EN Today: The equipment of combined driving

Think you’ve got a lot of stuff to pack for horse shows? Maybe so, but it pales in comparison to the amount of stuff you need for combined driving. Dana Diemer explains.

Top photo: Montana Light, with Judy Canavan at the helm, husband Tim on the back step, attacking the Water Hazard at Garden State CDE.

From Dana:

Required Equipment

No, this is not a pony club rally and penalty points won’t be given if your extra bridle is missing or your triple antibiotic ointment is outdated.  This is What do I need to get into Combined Driving 101.

The Equine.  Options include numbers and sizes.  Horse or pony.  Single, pair, tandem or four in hand.  Breed isn’t that important. Brain is.  Horses with strong flight instincts are probably not the best choice for driving.  Commonly seen breeds at driving competitions include Welsh Ponies, Morgans, Dutch Harness Horses, and Haflingers.  Hackney horses have their fans, as do Norwegian Fjords, Gelderlanders and German Riding Ponies.  This is one horse sport where thoroughbreds are rare.  A noteworthy exception is 21 year old Montana Light, a son of Denny Emerson’s great Right of Light.  Monty started his competition career as an eventer with owner Marcie Quist.  When Marcie switched over to the dark side, Monty came along for the cookies.  Marcie and Monty went all the way to Advanced and in 2006 she turned the reins over to current dancing partner Judy Canavan. They are consistently at the top of the leaderboard in Intermediate competition.  All of this is made more remarkable by the fact that Monty is a stallion.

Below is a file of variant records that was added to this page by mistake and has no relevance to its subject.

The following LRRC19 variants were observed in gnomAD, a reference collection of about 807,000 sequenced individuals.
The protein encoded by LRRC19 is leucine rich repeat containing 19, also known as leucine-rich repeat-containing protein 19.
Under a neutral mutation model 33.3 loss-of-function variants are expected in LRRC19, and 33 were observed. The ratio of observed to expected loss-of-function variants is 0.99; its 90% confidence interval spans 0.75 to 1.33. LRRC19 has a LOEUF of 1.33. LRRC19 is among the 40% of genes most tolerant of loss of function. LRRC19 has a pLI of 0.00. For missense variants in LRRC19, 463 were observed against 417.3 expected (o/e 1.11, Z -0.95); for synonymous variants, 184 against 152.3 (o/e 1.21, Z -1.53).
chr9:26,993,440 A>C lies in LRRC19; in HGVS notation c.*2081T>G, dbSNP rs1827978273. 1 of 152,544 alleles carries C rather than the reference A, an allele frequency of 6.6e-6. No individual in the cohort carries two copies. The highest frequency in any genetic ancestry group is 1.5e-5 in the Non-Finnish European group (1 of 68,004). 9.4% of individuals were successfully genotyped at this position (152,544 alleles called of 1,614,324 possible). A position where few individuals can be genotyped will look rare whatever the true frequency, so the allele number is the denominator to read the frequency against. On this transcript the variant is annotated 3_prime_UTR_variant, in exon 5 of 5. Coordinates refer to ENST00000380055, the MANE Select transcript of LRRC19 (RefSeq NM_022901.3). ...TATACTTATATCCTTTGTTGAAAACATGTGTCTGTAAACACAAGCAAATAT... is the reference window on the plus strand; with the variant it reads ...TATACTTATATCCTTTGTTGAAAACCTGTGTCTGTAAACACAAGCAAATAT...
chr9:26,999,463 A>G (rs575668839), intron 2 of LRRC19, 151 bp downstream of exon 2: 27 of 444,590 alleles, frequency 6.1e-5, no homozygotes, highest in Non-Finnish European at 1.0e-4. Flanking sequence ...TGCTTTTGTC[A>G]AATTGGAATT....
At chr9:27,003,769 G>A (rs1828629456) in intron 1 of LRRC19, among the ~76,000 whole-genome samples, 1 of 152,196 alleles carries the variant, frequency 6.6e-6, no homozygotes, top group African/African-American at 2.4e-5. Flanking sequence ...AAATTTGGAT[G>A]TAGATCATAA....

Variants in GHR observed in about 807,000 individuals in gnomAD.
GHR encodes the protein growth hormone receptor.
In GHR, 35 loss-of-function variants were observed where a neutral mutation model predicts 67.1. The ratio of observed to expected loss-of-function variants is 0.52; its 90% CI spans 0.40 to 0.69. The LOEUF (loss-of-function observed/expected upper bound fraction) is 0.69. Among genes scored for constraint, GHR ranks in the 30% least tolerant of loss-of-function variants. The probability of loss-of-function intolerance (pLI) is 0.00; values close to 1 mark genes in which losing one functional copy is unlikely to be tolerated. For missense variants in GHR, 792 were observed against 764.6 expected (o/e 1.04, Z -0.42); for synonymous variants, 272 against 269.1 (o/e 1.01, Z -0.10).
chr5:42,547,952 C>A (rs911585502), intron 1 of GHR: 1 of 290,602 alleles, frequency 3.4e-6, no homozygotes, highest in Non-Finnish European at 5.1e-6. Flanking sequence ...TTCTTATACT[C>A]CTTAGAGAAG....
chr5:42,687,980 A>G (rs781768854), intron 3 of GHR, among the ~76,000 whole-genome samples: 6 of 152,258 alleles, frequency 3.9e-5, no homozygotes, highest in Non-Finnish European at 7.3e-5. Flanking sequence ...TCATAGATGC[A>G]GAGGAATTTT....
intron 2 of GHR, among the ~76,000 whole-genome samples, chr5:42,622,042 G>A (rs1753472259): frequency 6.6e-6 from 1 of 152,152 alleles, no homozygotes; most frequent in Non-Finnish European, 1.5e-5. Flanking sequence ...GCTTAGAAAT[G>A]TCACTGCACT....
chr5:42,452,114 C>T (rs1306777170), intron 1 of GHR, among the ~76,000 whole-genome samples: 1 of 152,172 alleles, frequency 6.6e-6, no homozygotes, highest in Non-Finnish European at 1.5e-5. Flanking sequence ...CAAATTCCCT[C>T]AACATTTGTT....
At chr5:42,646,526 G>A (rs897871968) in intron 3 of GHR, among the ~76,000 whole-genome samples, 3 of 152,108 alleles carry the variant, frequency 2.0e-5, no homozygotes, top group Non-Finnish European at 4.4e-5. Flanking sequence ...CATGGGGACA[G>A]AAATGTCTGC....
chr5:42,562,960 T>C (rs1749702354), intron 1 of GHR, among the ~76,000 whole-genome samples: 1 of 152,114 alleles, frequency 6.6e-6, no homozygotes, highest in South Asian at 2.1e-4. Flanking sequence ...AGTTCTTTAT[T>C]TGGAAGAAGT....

Driving Fun Fact:  VSE stands for Very Small Equine, any horse 39 inches or under.  VSEs get their own mini-sized driven dressage ring size (20 by 40 meters).

The Thing the Horse Pulls.  They are called carriages or vehicles.  There are two classifications for combined driving purposes.  The presentation carriage is used for dressage and cones.  There are any number of types of carriages you can use for dressage.  Two wheeled vehicles, such as gigs and Meadowbrooks, are light, relatively inexpensive, easy to transport, and easy to maneuver in the reinback.  Down side to two wheelers include the fact they are less stable, harder to get in and out of, and have less room for a groom.  They also tend to push the horse around, and can be difficult to balance to the horse. A well balanced two wheeler’s shafts should lightly rest in the portion of the harness that holds the shaft (called a tug) when the driver is in the carriage.  Shafts put pressure on the horse’s back and require the horse learn to push the shaft through their shoulder in turns.

Pony put to a spider phaeton